Playtech rides out pandemic storm despite Asian black market decline

Online gambling heavyweight Playtech saw its profit plunge 85% in the first half of 2020 due to Asian black market restrictions and Italian pandemic shutdowns.

Figures released Thursday by the UK-listed Playtech show revenue of €564m in the six months ending June 30, down 22% from the same period last year. Adjusted (heavily) earnings were down only 15% to €162.3m but profit (the real kind, not adjusted) fell to just €4.6m from €24.8m in H1 2019.

Playtech’s business-to-business (B2B) operations reported revenue falling 13% to €229.7m, largely due to pandemic-related retail shutdowns. The halt of major sports activity led to a ‘significant’ betting revenue decline, ruining a ‘strong’ showing by online casino, bingo and poker (the latter added 19 new brands to its iPoker network in H1 following the demise of the Microgaming network).

So-called ‘Core B2B’ operations – aka not counting Asian black market ops – reported revenue falling 6%. The UK drove this Core decline, falling 30%, while regulated markets outside the UK grew 8%.

Playtech’s B2B operations in non-Asian unregulated markets saw revenue rise by one-third but Asia-based revenue fell 35% to €42.3m as local governments imposed pandemic restrictions. The Philippines shut down its online operators as the country’s infection rate surged but Playtech was able to shift its live casino operations to its other studios, while also signing a deal with another Asian-facing provider to bridge the gap. 

Playtech’s customer-facing (B2C) revenue slid 41% to €253.5m, primarily due to its Italian Snaitech brand, which was down 46% to €215.5m despite a 37% rise in its online revenue. Snai’s earnings fell a more modest 37% as the brand slashed its operating costs.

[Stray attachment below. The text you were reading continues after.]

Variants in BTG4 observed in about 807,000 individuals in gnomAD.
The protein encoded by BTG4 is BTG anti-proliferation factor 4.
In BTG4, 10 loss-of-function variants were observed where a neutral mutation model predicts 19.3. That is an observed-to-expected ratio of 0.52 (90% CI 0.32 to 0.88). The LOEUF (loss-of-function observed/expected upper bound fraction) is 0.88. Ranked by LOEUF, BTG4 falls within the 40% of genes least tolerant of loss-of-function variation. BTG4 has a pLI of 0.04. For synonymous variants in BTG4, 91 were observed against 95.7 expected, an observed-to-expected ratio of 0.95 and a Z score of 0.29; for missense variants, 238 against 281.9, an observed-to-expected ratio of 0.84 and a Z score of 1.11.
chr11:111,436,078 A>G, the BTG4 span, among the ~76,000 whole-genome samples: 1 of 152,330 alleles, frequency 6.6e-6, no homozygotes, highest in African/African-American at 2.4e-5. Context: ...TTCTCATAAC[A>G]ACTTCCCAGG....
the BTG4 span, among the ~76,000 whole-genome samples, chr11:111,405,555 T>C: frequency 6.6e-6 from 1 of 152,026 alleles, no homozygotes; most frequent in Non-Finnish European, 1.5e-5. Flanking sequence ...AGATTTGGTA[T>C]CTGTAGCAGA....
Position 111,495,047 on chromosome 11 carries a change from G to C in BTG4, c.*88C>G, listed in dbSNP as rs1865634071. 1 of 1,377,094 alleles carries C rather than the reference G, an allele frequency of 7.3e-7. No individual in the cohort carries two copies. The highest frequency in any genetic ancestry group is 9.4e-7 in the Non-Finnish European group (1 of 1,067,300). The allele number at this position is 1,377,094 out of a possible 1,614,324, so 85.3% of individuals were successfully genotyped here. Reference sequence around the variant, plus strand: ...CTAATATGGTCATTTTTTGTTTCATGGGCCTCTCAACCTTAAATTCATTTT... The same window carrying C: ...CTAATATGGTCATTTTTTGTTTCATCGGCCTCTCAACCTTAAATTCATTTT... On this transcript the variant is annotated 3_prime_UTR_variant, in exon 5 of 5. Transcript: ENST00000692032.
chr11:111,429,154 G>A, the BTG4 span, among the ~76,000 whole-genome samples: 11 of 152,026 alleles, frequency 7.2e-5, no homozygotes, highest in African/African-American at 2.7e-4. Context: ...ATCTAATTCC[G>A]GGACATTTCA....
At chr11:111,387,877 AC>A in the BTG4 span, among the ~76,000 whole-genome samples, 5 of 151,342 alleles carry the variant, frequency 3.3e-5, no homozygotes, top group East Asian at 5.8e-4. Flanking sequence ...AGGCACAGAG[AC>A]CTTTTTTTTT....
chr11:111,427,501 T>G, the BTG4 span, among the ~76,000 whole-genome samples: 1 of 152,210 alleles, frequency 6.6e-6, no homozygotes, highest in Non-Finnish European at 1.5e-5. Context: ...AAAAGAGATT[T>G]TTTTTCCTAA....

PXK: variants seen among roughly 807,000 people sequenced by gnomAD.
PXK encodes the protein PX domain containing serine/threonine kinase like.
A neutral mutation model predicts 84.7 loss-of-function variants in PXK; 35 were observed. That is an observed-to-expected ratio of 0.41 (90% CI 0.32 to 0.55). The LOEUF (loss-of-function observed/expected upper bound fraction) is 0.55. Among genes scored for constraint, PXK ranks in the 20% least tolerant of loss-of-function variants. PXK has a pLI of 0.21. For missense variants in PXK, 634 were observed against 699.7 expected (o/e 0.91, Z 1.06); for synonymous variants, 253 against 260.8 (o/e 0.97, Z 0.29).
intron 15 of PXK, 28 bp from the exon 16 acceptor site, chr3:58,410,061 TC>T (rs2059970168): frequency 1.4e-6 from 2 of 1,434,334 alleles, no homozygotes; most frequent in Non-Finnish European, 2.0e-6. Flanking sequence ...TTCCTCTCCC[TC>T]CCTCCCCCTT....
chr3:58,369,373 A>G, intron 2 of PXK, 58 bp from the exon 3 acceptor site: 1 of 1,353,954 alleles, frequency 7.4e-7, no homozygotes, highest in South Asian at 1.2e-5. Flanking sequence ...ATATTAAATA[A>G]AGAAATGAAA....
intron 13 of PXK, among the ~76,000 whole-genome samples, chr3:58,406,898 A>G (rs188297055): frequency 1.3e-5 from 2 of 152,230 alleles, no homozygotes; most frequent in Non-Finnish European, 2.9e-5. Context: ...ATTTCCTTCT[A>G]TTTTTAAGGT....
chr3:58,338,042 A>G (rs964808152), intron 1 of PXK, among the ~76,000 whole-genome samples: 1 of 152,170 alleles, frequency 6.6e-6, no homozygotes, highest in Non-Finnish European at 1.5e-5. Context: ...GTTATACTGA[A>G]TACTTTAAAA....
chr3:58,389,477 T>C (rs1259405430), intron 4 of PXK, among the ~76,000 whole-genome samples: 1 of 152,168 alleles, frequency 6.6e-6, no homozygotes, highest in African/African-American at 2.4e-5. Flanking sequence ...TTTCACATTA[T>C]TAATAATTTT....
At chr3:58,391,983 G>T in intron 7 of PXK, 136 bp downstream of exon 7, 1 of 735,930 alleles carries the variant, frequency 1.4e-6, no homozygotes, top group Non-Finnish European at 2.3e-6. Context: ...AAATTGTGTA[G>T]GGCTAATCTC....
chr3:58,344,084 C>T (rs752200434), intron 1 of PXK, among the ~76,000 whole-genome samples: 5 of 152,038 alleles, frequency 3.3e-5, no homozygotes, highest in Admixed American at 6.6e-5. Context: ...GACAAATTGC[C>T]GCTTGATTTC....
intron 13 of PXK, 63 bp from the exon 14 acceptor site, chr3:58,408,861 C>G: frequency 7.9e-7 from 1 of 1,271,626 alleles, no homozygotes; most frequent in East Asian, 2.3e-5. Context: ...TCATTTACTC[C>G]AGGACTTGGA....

White label B2C revenue rose 21% to €29.5m, almost entirely due to the UK-facing Sun Bingo brand, which shot up 61% to €28.2m. However, Sun Bingo’s costs rose 69% to €23.9m on increased marketing spend.

Other white label revenue plunged 82% as the company consolidated some B2C brands and scrapped others. In May, Playtech coughed up £3.5m to responsible gambling charities after “serious systemic failings” that led to the suicide of a customer of its Titanbet and Winner brands.

B2C retail sports revenue slipped 14% to €8.5m, resulting in an earnings loss of €4.2m and a €5.4m impairment charge. Playtech stressed that its retail ops remain “within its investment phase,” so please cut them some slack.

The Tradetech financial unit was H1’s star performer, with revenue up 123% to €87.3m, although the company cautioned that this performance wasn’t likely to be repeated in the second half of the year, as market volatility is “significantly lower” than during the pandemic trading frenzy.

In August, Playtech was rumored to be flogging Tradetech after its stellar Q1 performance. The company confirmed that it was “in discussions with a number of parties” regarding a sale, but these talks were at an early stage. Playtech offered no update on these talks on Thursday.   

Playtech made its US market debut in early H2 via a deal to supply casino products to Bet365’s New Jersey-licensed site. Playtech says applications are on file in other US states and the company expects to increase its spending in the US market throughout H2.  

Playtech says it’s “performing well” in the current quarter, but “caution remains” given the pandemic uncertainty. July and August both produced strong trading and cash generation, although August’s figures were below July’s. Investors weren’t impressed, pushing Playtech’s stock price sharply lower, although a late rally limited the day’s decline to 6.4%.  

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